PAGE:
How to Learn Effectively: A Holistic Approach

Three steps of an effective learning process

In this fast-changing world, the ability to learn effectively is more valuable than ever. Whether you’re a student, a professional (data scientist, software engineer, or business analyst), or simply a curious individual, mastering the art of learning can open doors to new opportunities and deeper understanding. But how does one transcend from merely absorbing information to truly learning it? The key lies in a three-step process that can significantly enhance your learning efficiency and retention: Listening, Thinking, and Meditating on the topic.

The three-step learning process—Listening, Thinking, and Meditating—parallels the ancient Vedantic practice of Shravana, Manana, and Nididhyasana. These are the three key pillars through which knowledge is traditionally acquired and internalized in the Vedanta philosophy, a major school of Hindu thought.

Step 1: Listening to the Topic (Shravana)

Shravana means hearing — Hearing the Truth!

The journey of effective learning begins with attentive listening. This is more than just hearing words; it involves actively engaging with the content. Listening sets the foundation for what you are about to learn by allowing you to gather the necessary information. It is crucial to be present in the moment and fully attentive. Remove distractions, seek clear explanations, and, if possible, interact with the speaker through questions. This proactive engagement helps in anchoring the information more vividly in your memory.

Step 2: Contemplating About the Topic (Manana)

Manana means contemplating the Truth!

Once you have listened to the information, the next step is to think critically about what you’ve heard. This involves analyzing the information, breaking it down into manageable parts, and understanding how these parts relate to each other and to what you already know. At this stage, ask yourself:

  • What are the main ideas?
  • How does this information fit with what I already know?
  • What are the implications or applications of this knowledge?

Thinking about the topic helps in forming connections and creating a “big picture” view, which enhances comprehension and retention.

Step 3: Deeply Meditating on the Topic (Nididhyasana)

 Nididhyasana means living and breathing the Truth!

Meditation, in the context of learning, refers to deep, reflective thinking or pondering over the material. This step is crucial for internalizing the knowledge and involves revisiting the content in a quiet, contemplative manner. This is not a quick review but a thoughtful re-examination of the material to reinforce your understanding and commit it to long-term memory.

Teaching to Learn

An often overlooked but highly effective strategy to cement your learning is to prepare to teach the information you have just learned. When you approach learning to teach, you automatically elevate your understanding and retention of the material. This method forces you to organize the information coherently and simplifies complex concepts, making them easier to remember and explain.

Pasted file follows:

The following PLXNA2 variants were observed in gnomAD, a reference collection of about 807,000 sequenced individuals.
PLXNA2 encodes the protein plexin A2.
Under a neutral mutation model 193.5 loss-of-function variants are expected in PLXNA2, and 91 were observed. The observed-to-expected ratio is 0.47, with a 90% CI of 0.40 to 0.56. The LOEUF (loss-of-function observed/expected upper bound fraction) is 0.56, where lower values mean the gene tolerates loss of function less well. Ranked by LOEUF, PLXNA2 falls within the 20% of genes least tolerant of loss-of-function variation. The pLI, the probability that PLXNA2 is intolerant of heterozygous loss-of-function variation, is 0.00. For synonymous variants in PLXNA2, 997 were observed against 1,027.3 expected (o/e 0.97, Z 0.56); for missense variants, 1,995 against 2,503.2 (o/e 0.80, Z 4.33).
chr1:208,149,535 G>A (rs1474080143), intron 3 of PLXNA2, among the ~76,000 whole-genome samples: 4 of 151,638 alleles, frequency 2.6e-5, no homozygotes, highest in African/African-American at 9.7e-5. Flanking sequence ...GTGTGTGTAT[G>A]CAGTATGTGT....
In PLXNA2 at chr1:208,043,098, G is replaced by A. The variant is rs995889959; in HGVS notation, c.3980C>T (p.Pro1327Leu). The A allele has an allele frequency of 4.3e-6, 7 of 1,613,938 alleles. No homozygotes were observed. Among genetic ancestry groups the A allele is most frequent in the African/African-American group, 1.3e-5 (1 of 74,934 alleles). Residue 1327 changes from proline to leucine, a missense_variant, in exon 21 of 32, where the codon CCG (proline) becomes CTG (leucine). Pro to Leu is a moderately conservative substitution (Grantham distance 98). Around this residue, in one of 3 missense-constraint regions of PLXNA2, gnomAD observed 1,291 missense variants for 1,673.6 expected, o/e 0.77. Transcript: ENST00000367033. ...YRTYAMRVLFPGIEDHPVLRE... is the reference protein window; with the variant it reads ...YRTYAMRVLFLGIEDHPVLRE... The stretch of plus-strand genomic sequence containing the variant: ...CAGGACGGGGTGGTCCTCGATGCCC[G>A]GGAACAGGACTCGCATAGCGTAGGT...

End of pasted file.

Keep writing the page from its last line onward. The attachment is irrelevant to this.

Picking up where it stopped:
Richard Feynman, a renowned physicist and educator, famously encapsulated the essence of understanding through teaching with his “Feynman Technique.” He expressed the idea that to truly grasp a concept, one should try to explain it in simple terms. His approach is often summarized by the quote: “If you can’t explain it simply, you don’t understand it well enough.”

This principle is at the heart of the “Teaching to Learn” method. By preparing to teach a topic, you are compelled to clarify your thoughts, simplify complex ideas, and organize information logically. This not only solidifies your understanding but also uncovers any gaps in your knowledge. In essence, if you aim to teach a concept, you must learn it thoroughly first, thereby enhancing your mastery of the subject.

Analyzing the Learning Context

Beyond these steps, effective learning also involves understanding the context and relevance of the topic. When approaching a new subject, particularly a technique, method, or tool, consider the following questions:

  1. What is the problem that can be resolved by learning this topic? Identify the ideal state and the current state of disorder. Understand how this topic acts as a bridge between the two. Learning with a clear sense of purpose not only provides motivation but also a practical framework within which to apply the new knowledge.
  2. Is the topic related to a process, method, or tool? Delineate the key components of the topic. Knowing whether you are dealing with a process, a method, or a tool shapes the approach you take and the specifics you focus on during the learning process.

By systematically listening, thinking, and meditating on a topic—and aiming to teach it—you not only learn effectively but are also able to apply your knowledge practically and with greater confidence.

Ajitesh Kumar
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Ajitesh Kumar

I have been recently working in the area of Data analytics including Data Science and Machine Learning / Deep Learning. I am also passionate about different technologies including programming languages such as Java/JEE, Javascript, Python, R, Julia, etc, and technologies such as Blockchain, mobile computing, cloud-native technologies, application security, cloud computing platforms, big data, etc. For latest updates and blogs, follow us on Twitter. I would love to connect with you on Linkedin. Check out my latest book titled as First Principles Thinking: Building winning products using first principles thinking. Check out my other blog,
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